Reckless Disregard by Robert Rotstein
This book sets me thinking about what ingredients must be mixed together to make a good legal thriller. Let’s start off with the obvious. At some point before, during or after the book starts, X must break the law and require the services of a lawyer. We are then allowed the privilege of watching said lawyer from the moment of initial advice through to the trial at the end. Although the court room scenes are not mandatory, there must be a good reason for the case failing to come before a judge so said lawyer can demonstrate just why he or she is in such high demand as a trial lawyer. On the way to the legal and thrillerish denouement, our heroic legal manipulator must face dangers. Others in the entourage or potential witnesses are expendable but, of necessity, the legal eagle must fly unscathed in the physical sense (although it’s appropriate from there to be some running, hiding and the occasional blow struck — some lawyers even pick up the occasional bullet wound as a trophy).
Those of you with some legal knowledge will understand the theme of this book from the title. Reckless Disregard by Robert Rotstein (Seventh Street Books, 2014) is about defamation. In this instance, it’s alleged the latest video game from an anonymous underground designer libels a famous Hollywood movie producer. Under American law, it’s necessary to prove the publication of the images and words was malicious. That means the publisher must have shown reckless disregard for the truth, i.e. at least willful blindness. In theory this should be relatively straightforward given this game designer has alleged the movie producer kidnapped and killed an actress. Anyone looking in the historical record would find no mention of said producer ever having anything to do with the actress so here comes a man with one of these apparently unimpeachable reputations to sue an underground revolutionary who dares attack one of the titans of the movie industry. Needless to say, the only person standing between David and Goliath is our series hero, Parker Stern. To put it mildly, he’s not the strongest of performers having lost much of his trial mojo through increasingly severe anxiety attacks. However, this time he’s motivated to take the case because Lovely Diamond is the attorney of record on the other side.
Those of you who have read the first book will know our hero and Lovely ended up an item. In the intervening period, she has broken off the relationship leaving our man somewhat puzzled and deflated. This is not so much a chance for revenge but an opportunity for them to interact again, even if only from opposite sides of the courtroom. He’s not sure what, if anything, will follow on from this, but he feels he has to try. So this part of the book is a great success. Having adopted the cliché of pairing them off, our author now has them as wounded warriors. Since both have their secrets, it’s interesting to watch how they slowly grow more comfortable with each other again. The plot is also very cleverly put together with some nice twists and turns when we get into court. The unravelling of the core mystery about what might or might not have happened to the missing actress is engrossing.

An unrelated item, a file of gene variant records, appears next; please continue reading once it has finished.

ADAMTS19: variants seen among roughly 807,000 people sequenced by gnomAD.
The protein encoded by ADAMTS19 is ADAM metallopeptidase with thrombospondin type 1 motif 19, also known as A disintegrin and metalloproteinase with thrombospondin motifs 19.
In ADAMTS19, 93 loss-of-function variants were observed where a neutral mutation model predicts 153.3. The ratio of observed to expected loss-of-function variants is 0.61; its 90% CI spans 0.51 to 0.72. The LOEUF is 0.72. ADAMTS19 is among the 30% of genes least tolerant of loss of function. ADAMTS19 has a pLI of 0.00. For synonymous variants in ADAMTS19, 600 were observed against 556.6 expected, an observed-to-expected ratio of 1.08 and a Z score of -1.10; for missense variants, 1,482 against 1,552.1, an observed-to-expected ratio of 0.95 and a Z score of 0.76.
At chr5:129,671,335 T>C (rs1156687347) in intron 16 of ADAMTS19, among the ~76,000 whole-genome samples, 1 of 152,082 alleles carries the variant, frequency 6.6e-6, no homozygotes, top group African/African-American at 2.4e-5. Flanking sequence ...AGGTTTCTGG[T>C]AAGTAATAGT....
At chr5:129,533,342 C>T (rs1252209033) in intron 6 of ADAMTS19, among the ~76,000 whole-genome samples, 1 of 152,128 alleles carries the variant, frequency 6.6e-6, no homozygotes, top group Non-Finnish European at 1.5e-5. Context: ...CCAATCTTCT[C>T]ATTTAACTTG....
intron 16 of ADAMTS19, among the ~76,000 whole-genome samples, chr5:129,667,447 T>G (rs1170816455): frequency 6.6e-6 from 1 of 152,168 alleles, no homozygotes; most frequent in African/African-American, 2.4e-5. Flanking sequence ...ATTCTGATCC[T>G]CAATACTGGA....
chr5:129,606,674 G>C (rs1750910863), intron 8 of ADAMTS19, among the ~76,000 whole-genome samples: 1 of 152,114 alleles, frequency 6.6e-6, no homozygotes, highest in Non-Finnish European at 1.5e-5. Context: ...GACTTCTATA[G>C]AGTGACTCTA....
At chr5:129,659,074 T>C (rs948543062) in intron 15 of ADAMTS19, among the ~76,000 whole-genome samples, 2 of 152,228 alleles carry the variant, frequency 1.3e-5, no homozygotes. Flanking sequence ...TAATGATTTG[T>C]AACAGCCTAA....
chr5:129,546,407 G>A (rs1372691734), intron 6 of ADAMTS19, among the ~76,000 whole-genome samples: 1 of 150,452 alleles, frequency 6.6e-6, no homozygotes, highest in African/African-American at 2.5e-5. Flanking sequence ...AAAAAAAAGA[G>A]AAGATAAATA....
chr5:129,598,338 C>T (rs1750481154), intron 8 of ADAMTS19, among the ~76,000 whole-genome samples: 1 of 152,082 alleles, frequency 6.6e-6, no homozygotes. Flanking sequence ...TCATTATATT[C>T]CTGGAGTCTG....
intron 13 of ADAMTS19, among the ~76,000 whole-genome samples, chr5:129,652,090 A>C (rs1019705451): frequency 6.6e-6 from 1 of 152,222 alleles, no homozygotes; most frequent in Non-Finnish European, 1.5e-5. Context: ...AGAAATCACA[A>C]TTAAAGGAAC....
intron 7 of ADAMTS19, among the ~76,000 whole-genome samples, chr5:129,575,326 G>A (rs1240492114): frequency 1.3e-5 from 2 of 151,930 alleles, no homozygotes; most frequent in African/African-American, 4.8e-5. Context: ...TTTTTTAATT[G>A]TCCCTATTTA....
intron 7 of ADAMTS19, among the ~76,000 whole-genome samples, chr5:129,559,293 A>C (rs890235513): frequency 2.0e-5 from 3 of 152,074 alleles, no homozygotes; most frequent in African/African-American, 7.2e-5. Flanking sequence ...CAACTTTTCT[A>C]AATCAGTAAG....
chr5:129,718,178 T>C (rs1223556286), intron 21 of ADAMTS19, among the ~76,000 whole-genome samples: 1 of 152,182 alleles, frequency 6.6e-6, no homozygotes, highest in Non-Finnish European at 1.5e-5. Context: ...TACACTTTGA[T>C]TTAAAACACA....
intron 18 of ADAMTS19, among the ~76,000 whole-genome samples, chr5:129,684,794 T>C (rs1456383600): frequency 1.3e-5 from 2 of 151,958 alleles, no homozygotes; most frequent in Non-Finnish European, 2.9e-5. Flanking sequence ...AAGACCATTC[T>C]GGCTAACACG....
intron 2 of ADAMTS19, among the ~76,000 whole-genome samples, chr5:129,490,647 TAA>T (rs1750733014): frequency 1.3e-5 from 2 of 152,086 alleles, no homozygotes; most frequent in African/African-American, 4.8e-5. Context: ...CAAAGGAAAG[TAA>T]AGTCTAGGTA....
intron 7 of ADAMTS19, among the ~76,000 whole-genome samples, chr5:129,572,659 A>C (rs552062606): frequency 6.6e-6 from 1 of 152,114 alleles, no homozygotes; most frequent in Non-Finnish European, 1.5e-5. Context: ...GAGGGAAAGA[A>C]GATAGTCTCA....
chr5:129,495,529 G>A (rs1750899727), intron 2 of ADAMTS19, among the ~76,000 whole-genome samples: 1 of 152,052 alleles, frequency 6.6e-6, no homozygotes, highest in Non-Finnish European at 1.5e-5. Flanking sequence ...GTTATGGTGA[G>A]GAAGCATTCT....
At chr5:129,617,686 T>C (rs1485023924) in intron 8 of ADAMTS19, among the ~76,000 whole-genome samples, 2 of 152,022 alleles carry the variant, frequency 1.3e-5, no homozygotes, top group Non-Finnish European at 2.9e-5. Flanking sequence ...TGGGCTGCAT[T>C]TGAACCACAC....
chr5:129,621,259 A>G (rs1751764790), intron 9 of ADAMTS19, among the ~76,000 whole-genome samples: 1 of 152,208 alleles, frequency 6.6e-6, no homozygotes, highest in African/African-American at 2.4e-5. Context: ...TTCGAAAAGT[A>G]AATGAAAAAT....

The only problem I have is with the game itself. A not inconsiderable amount of time is devoted to describing the different levels and showing how the game apparently tracks the real world events. I’m not a game-player so I can’t speak for the credibility of this as a real-world game. So I accept such a game might have a cult following and confirm it as an ingenious way to set the hare running to see which dogs try to chase it down. But I have a problem with the later explanation for the game showing one of the murder scenarios, apparently before the murder(s) occur(s) or is/are discovered. The game designer or other(s) helping him/her must have had a good idea how this element was introduced into the game. Yet the designer’s failure to resolve this issue becomes the second reckless disregard. The first is publishing the game knowing there’s no positive evidence to prove the kidnapping/murder ever took place. The best state of the evidence is as a basis for undermining the reputation of the movie mogul. The second is either the designer becoming a murderer or concealing the identity of the murderer.
So we’re left in a very interesting state. Through one of the quirks of examination and cross-examination in trial, Parker Stern’s secret is revealed. Perhaps this will help restore his trial mojo. The relationship with Lovely may be repairable despite the presence of the game-playing son. And a version of justice is achieved so far as all the public and the police are concerned. Putting this together, Reckless Disregard is a very good legal thriller, doing clever things to mix all the ingredients in a relatively new way. But it’s not as good as the first in the series. This is slightly more contrived.
For a review of the first in the series, see Corrupt Practices.
A copy of this book was sent to me for review.